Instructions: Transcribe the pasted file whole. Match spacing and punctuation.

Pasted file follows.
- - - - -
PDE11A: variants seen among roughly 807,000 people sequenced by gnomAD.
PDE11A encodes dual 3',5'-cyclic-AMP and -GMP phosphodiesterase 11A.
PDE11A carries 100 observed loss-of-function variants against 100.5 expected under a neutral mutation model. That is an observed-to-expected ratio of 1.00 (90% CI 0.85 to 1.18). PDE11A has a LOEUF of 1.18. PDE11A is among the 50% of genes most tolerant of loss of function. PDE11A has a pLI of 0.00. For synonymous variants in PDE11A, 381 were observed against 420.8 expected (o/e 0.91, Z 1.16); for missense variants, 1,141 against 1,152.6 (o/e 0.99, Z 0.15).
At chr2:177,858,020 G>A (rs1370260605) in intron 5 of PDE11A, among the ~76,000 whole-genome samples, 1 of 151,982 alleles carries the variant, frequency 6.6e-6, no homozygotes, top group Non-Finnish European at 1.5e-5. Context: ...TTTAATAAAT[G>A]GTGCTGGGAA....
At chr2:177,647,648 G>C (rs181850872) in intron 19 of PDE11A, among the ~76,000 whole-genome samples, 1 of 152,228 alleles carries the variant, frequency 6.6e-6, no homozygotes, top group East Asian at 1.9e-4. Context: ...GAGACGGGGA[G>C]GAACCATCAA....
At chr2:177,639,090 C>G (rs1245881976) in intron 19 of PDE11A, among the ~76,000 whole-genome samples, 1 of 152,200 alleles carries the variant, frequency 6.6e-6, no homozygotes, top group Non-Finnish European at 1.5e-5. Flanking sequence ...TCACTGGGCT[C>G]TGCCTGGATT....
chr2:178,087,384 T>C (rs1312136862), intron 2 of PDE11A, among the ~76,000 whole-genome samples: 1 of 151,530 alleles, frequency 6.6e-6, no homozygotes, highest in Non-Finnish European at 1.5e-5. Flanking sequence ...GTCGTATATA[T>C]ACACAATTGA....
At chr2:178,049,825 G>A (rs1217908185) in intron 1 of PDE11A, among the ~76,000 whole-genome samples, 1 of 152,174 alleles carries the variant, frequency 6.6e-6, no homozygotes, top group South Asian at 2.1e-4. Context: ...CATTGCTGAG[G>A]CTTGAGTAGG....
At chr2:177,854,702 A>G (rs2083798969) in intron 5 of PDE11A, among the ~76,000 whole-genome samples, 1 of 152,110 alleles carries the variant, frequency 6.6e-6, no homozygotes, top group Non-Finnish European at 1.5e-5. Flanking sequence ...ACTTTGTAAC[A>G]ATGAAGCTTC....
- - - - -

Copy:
PDE11A: variants seen among roughly 807,000 people sequenced by gnomAD.
PDE11A encodes dual 3',5'-cyclic-AMP and -GMP phosphodiesterase 11A.
PDE11A carries 100 observed loss-of-function variants against 100.5 expected under a neutral mutation model. That is an observed-to-expected ratio of 1.00 (90% CI 0.85 to 1.18). PDE11A has a LOEUF of 1.18. PDE11A is among the 50% of genes most tolerant of loss of function. PDE11A has a pLI of 0.00. For synonymous variants in PDE11A, 381 were observed against 420.8 expected (o/e 0.91, Z 1.16); for missense variants, 1,141 against 1,152.6 (o/e 0.99, Z 0.15).
At chr2:177,858,020 G>A (rs1370260605) in intron 5 of PDE11A, among the ~76,000 whole-genome samples, 1 of 151,982 alleles carries the variant, frequency 6.6e-6, no homozygotes, top group Non-Finnish European at 1.5e-5. Context: ...TTTAATAAAT[G>A]GTGCTGGGAA....
At chr2:177,647,648 G>C (rs181850872) in intron 19 of PDE11A, among the ~76,000 whole-genome samples, 1 of 152,228 alleles carries the variant, frequency 6.6e-6, no homozygotes, top group East Asian at 1.9e-4. Context: ...GAGACGGGGA[G>C]GAACCATCAA....
At chr2:177,639,090 C>G (rs1245881976) in intron 19 of PDE11A, among the ~76,000 whole-genome samples, 1 of 152,200 alleles carries the variant, frequency 6.6e-6, no homozygotes, top group Non-Finnish European at 1.5e-5. Flanking sequence ...TCACTGGGCT[C>G]TGCCTGGATT....
chr2:178,087,384 T>C (rs1312136862), intron 2 of PDE11A, among the ~76,000 whole-genome samples: 1 of 151,530 alleles, frequency 6.6e-6, no homozygotes, highest in Non-Finnish European at 1.5e-5. Flanking sequence ...GTCGTATATA[T>C]ACACAATTGA....
At chr2:178,049,825 G>A (rs1217908185) in intron 1 of PDE11A, among the ~76,000 whole-genome samples, 1 of 152,174 alleles carries the variant, frequency 6.6e-6, no homozygotes, top group South Asian at 2.1e-4. Context: ...CATTGCTGAG[G>A]CTTGAGTAGG....
At chr2:177,854,702 A>G (rs2083798969) in intron 5 of PDE11A, among the ~76,000 whole-genome samples, 1 of 152,110 alleles carries the variant, frequency 6.6e-6, no homozygotes, top group Non-Finnish European at 1.5e-5. Flanking sequence ...ACTTTGTAAC[A>G]ATGAAGCTTC....